October 29, 2012

Camper Culture

30 years after opening their first store in 1981 in Barcelona, Camper now boasts 300 stores and 4,000 points of sale in over 50 countries.
The difference between Camper and other major brands though, is that instead of designing a store identity that made all their shops recognizably the same around the world, they hired different designers to make each shop completely different and unique.
From opulent to minimalistic, stark tiles to flowery upholstered walls, each Camper store becomes its own little jewel of design and experimentation.
The following are a few of our favorites..

The New York Camper store in Soho designed by Shigeru Ban and Dean Maltz is a diagonal design in a rectangular space, featuring one of the best uses of Artek’s 10-unit system we've seen and a saavy hidden way of showing the shoes.

A different approach is used in one of the London Camper stores, designed by Tomas Alonso, where the shoes are laid directly into view, and highlighted by the tile trompe-l’oeil in the background.
In addition to the tiles, the use of metal tubing throughout the furniture and fixtures in the store give this design a certain quirkiness, reminiscent of the 2D cube-based video games of our youth.

A completely different use of tiles is shown here in Alfredo Haberli’s Barcelona shop, where red mosaic takes over the bottom half of the front of the store (a cross between a metro station and a Gaudi building?), only to lead the weary customer to an elevator-like lounge where one can sit on a ‘Take-a-line-for-a-walk’ armchair designed by the same Haberli for Moroso and try on shoes at their leisure.

Another Barcelona store, this one designed by Spanish designer Jaime Hayon, takes the same color red in a very different direction, with furniture that looks like it most certainly would have been adopted by a French monarch named Louis, had there been any in the 21st century.

Another opulent proposition is Tokujin Yoshioka’s design for a London Camper store, which utilizes the same folded fabric technique on a large wall panel, as in the Bouquet chair he designed for Moroso, also present in the space.

In contrast, Nendo’s minimalist design for the Osaka store focuses on nothing but the shoes themselves, by making the completely white background (including wall, ceiling and floor) disappear and giving the shoes the appearance of floating.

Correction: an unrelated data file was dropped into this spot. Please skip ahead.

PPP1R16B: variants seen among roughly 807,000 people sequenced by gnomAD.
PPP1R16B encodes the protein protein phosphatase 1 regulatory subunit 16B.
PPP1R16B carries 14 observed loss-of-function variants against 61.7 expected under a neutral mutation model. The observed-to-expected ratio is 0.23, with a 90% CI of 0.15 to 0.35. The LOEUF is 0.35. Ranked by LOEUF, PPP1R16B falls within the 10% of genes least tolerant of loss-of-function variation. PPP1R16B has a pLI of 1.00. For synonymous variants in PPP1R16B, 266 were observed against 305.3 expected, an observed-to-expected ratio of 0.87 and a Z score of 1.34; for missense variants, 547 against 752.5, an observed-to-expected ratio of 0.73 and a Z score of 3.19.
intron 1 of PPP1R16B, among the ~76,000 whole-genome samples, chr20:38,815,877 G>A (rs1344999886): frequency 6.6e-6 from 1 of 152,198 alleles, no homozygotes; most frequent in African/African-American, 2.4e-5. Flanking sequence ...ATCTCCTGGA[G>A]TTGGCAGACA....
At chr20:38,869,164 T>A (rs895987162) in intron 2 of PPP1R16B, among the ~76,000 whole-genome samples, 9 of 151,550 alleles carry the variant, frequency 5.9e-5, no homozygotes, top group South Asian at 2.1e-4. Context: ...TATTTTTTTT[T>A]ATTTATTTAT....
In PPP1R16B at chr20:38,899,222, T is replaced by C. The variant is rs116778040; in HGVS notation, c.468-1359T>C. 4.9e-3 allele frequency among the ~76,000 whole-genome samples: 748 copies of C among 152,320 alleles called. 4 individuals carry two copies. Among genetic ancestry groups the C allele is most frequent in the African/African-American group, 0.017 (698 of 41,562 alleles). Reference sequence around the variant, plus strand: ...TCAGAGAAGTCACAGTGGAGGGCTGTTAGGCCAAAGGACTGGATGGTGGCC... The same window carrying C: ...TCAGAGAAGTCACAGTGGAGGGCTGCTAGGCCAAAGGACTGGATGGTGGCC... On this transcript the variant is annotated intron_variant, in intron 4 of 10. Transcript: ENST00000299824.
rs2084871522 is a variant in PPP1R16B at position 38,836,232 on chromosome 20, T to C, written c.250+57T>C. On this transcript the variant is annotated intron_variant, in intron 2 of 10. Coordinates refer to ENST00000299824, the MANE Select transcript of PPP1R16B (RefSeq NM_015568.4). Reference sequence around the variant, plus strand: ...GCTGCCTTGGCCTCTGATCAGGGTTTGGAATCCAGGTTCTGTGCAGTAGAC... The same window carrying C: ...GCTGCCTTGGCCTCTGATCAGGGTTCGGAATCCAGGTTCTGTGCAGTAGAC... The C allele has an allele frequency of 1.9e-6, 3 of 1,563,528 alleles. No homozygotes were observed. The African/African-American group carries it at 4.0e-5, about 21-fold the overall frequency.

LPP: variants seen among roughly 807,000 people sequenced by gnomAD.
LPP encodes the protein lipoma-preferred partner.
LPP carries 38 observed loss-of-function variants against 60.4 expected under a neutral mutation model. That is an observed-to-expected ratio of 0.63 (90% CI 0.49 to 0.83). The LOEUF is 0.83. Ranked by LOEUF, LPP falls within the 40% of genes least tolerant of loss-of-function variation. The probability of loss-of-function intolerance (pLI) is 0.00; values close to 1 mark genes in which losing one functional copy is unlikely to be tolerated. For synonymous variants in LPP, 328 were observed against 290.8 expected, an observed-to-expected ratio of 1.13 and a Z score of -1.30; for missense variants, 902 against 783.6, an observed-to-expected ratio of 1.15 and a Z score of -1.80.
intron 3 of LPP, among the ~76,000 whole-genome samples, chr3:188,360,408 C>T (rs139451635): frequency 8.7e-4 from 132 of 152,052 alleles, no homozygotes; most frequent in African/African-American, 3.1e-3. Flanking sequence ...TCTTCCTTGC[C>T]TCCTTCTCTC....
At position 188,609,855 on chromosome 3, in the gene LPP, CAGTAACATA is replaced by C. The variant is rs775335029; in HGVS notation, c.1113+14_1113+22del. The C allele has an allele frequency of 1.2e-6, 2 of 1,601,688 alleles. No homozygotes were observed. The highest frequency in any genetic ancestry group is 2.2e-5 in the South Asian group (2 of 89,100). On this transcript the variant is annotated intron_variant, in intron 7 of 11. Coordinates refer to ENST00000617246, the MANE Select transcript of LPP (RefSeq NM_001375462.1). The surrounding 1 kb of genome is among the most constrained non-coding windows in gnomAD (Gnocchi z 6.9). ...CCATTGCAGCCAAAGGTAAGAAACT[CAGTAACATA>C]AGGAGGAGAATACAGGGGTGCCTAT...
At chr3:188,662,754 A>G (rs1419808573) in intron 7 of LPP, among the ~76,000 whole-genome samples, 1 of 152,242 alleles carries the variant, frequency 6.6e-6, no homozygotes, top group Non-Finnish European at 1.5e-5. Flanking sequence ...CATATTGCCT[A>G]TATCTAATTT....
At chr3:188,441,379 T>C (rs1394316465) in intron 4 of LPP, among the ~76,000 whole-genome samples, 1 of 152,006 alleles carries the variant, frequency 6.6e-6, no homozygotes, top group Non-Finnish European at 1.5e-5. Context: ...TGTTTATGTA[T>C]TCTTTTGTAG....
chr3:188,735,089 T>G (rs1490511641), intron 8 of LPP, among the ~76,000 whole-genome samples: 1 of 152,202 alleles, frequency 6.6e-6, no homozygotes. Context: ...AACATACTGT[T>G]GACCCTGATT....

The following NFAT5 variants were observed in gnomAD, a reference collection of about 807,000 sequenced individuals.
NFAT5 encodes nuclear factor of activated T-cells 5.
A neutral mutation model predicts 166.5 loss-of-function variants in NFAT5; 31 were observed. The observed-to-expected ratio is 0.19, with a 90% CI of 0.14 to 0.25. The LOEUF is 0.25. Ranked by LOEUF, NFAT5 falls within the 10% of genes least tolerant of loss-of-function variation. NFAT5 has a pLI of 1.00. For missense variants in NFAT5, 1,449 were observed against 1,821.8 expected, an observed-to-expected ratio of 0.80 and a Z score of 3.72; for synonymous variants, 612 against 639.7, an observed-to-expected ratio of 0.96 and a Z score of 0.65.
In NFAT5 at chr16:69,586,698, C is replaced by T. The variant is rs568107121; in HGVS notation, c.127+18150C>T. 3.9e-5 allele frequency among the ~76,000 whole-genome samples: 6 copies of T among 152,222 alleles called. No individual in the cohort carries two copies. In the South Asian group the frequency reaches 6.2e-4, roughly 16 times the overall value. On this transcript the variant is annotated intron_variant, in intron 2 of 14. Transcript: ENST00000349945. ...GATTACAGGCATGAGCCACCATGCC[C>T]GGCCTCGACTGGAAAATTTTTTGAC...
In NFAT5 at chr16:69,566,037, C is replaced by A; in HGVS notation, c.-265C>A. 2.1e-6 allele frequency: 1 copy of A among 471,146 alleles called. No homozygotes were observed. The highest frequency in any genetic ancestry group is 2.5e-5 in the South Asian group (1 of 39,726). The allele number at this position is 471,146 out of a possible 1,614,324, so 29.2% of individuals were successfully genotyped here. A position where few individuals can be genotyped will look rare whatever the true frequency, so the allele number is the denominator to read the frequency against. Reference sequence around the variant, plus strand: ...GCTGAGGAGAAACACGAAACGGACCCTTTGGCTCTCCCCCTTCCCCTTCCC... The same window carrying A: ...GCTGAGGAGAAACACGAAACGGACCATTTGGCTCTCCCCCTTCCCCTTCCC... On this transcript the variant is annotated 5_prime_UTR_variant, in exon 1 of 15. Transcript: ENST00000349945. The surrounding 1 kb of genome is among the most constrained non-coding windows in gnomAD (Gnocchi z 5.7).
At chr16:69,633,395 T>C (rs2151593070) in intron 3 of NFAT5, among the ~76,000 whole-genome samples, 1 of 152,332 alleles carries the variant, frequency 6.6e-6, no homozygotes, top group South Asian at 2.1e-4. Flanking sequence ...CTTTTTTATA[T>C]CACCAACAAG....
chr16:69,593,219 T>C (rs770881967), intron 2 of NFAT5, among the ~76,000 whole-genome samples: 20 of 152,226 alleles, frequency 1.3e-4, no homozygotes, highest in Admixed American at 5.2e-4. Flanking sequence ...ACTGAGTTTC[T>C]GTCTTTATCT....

By Claire Toussaint 

October 10, 2012

The Island of Misfit Furniture

A far cry from Lissoni’s or Citterio’s sleek archetypes of modern design, Rudolf’s got nothing on Moroso’s sculptural seating propositions.

Now celebrating 60 years of prototype making, Moroso looks back with Domus on their creations of plywood and foam, and the craftsmanship that made them great.
Be sure to check out Domus' interview of Marino Mansutti.

Anne Fougeron in the NY times


After  Lisa Koshkarian and Tom Di Francesco had chidren, they realized their 3,600 sq ft home at the top of  Potrero hill presented a major  acoustic challenge. The location of the living room, sandwiched between the children’s bedrooms, made it impossible to entertain after Rex and Zia went to bed.

Disappointed in what the housing market had to offer, Tom and Lisa turned to modern architectural guru Anne Fougeron to marry their love of sleek minimalist design and family-friendly spaces. Taking issue with what she calls the ‘Dwell Light Disease’ signifying modern houses that all end up looking the same, Fougeron made some bold decisions in the design of the Koshkarian and Di Francesco home.

She started by switching the ‘quiet rooms’ to the street side of the house, and moved the entertaining areas to the back towards the garden.

In order to take full advantage of the gorgeous views of downtown San Francisco, Fougeron created a wall of glass, exposing the back rooms of the house. The ‘dollhouse’ effect of this slightly (but unashamedly) exhibitionist design is alleviated by the faceted shape of the glass wall, which give the back of the house its character, and steers clear of the ‘unintentional uniform’ Fougeron decries.

Lisa Koshkarian and her children, Rex and Zia
by Claire Toussaint